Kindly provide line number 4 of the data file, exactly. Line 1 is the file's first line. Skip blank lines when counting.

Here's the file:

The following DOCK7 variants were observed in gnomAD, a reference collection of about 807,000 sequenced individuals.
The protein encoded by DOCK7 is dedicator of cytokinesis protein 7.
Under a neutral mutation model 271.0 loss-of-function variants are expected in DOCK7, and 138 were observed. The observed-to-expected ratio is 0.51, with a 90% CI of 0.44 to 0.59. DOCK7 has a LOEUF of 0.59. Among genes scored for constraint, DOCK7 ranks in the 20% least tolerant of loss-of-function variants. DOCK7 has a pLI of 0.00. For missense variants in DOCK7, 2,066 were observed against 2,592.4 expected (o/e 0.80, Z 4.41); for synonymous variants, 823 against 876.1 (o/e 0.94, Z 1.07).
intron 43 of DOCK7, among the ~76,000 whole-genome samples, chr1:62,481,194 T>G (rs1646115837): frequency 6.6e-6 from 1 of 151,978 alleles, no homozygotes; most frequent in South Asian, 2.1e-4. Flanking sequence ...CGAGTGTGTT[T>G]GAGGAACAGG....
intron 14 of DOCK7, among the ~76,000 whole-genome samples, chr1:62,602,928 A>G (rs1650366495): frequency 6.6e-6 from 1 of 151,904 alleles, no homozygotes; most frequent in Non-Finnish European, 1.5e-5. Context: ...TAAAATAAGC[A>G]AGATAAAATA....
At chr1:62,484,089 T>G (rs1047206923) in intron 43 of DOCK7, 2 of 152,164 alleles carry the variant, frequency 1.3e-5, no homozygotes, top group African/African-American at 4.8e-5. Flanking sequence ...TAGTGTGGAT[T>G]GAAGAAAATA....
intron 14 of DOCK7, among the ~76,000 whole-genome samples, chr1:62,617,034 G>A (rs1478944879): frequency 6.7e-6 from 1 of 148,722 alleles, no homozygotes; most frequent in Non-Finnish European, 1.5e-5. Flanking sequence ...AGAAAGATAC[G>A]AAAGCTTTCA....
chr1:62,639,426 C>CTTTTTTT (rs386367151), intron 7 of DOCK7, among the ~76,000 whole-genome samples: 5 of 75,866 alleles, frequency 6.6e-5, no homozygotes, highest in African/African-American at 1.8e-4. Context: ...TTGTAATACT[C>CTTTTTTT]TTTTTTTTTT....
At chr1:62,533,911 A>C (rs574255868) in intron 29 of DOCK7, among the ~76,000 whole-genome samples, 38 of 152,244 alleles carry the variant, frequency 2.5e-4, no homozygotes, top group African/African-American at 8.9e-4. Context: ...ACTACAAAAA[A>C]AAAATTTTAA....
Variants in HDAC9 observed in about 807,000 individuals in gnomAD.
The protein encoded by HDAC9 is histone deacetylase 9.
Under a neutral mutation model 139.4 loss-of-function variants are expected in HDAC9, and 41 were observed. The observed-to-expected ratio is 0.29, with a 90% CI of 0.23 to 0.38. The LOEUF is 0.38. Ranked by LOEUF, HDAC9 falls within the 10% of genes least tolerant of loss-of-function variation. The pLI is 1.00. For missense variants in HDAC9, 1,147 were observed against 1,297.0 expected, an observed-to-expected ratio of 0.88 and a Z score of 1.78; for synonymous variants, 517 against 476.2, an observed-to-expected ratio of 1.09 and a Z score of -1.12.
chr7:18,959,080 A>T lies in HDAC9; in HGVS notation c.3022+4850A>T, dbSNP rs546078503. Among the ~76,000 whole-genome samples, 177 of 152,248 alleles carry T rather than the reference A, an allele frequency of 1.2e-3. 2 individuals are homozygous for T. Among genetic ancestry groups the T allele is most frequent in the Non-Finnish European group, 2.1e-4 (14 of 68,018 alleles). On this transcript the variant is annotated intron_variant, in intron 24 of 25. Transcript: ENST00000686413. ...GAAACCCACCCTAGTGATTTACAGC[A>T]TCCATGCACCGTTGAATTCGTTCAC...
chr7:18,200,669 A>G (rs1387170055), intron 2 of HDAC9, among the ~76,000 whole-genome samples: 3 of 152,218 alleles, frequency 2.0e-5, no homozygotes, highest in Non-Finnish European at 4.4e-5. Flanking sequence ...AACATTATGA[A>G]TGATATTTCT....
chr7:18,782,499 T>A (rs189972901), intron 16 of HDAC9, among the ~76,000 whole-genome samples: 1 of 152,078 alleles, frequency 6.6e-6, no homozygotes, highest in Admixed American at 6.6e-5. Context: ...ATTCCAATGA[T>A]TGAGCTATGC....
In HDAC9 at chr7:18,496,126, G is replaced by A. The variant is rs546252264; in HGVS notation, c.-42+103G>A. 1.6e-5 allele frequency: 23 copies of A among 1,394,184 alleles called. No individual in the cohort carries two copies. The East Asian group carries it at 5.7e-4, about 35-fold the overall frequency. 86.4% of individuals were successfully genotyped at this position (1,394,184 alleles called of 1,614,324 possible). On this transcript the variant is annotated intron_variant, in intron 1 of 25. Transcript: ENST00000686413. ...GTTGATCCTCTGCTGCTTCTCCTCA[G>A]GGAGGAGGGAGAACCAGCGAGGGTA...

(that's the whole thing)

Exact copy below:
intron 43 of DOCK7, among the ~76,000 whole-genome samples, chr1:62,481,194 T>G (rs1646115837): frequency 6.6e-6 from 1 of 151,978 alleles, no homozygotes; most frequent in South Asian, 2.1e-4. Flanking sequence ...CGAGTGTGTT[T>G]GAGGAACAGG....